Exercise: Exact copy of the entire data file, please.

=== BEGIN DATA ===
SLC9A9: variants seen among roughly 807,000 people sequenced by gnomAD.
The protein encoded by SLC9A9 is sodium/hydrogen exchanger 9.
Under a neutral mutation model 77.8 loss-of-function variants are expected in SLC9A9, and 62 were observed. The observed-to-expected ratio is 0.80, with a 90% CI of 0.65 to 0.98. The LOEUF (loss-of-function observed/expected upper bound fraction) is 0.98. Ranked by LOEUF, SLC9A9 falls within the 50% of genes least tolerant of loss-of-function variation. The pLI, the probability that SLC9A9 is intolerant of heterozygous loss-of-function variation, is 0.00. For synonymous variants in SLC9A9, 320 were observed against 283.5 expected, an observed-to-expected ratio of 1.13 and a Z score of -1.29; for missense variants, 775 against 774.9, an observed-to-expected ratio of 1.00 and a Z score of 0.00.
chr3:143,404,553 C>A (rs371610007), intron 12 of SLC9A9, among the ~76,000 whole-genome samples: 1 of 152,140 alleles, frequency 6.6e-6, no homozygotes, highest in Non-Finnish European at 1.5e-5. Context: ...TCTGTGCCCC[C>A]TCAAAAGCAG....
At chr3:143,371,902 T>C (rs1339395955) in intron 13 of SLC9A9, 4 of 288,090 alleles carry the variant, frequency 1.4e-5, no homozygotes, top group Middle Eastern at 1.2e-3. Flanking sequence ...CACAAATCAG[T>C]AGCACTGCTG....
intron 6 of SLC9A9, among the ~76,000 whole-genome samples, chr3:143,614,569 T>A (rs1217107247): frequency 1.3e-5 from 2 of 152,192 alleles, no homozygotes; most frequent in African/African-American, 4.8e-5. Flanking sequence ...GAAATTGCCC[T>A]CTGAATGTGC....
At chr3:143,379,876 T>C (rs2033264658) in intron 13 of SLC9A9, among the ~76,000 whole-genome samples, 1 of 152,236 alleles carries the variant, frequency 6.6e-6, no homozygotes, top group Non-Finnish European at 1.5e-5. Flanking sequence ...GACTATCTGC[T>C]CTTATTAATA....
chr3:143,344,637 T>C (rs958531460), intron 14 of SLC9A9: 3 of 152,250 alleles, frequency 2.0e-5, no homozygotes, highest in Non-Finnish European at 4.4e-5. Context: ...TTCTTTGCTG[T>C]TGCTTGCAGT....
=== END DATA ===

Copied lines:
SLC9A9: variants seen among roughly 807,000 people sequenced by gnomAD.
The protein encoded by SLC9A9 is sodium/hydrogen exchanger 9.
Under a neutral mutation model 77.8 loss-of-function variants are expected in SLC9A9, and 62 were observed. The observed-to-expected ratio is 0.80, with a 90% CI of 0.65 to 0.98. The LOEUF (loss-of-function observed/expected upper bound fraction) is 0.98. Ranked by LOEUF, SLC9A9 falls within the 50% of genes least tolerant of loss-of-function variation. The pLI, the probability that SLC9A9 is intolerant of heterozygous loss-of-function variation, is 0.00. For synonymous variants in SLC9A9, 320 were observed against 283.5 expected, an observed-to-expected ratio of 1.13 and a Z score of -1.29; for missense variants, 775 against 774.9, an observed-to-expected ratio of 1.00 and a Z score of 0.00.
chr3:143,404,553 C>A (rs371610007), intron 12 of SLC9A9, among the ~76,000 whole-genome samples: 1 of 152,140 alleles, frequency 6.6e-6, no homozygotes, highest in Non-Finnish European at 1.5e-5. Context: ...TCTGTGCCCC[C>A]TCAAAAGCAG....
At chr3:143,371,902 T>C (rs1339395955) in intron 13 of SLC9A9, 4 of 288,090 alleles carry the variant, frequency 1.4e-5, no homozygotes, top group Middle Eastern at 1.2e-3. Flanking sequence ...CACAAATCAG[T>C]AGCACTGCTG....
intron 6 of SLC9A9, among the ~76,000 whole-genome samples, chr3:143,614,569 T>A (rs1217107247): frequency 1.3e-5 from 2 of 152,192 alleles, no homozygotes; most frequent in African/African-American, 4.8e-5. Flanking sequence ...GAAATTGCCC[T>A]CTGAATGTGC....
At chr3:143,379,876 T>C (rs2033264658) in intron 13 of SLC9A9, among the ~76,000 whole-genome samples, 1 of 152,236 alleles carries the variant, frequency 6.6e-6, no homozygotes, top group Non-Finnish European at 1.5e-5. Flanking sequence ...GACTATCTGC[T>C]CTTATTAATA....
chr3:143,344,637 T>C (rs958531460), intron 14 of SLC9A9: 3 of 152,250 alleles, frequency 2.0e-5, no homozygotes, highest in Non-Finnish European at 4.4e-5. Context: ...TTCTTTGCTG[T>C]TGCTTGCAGT....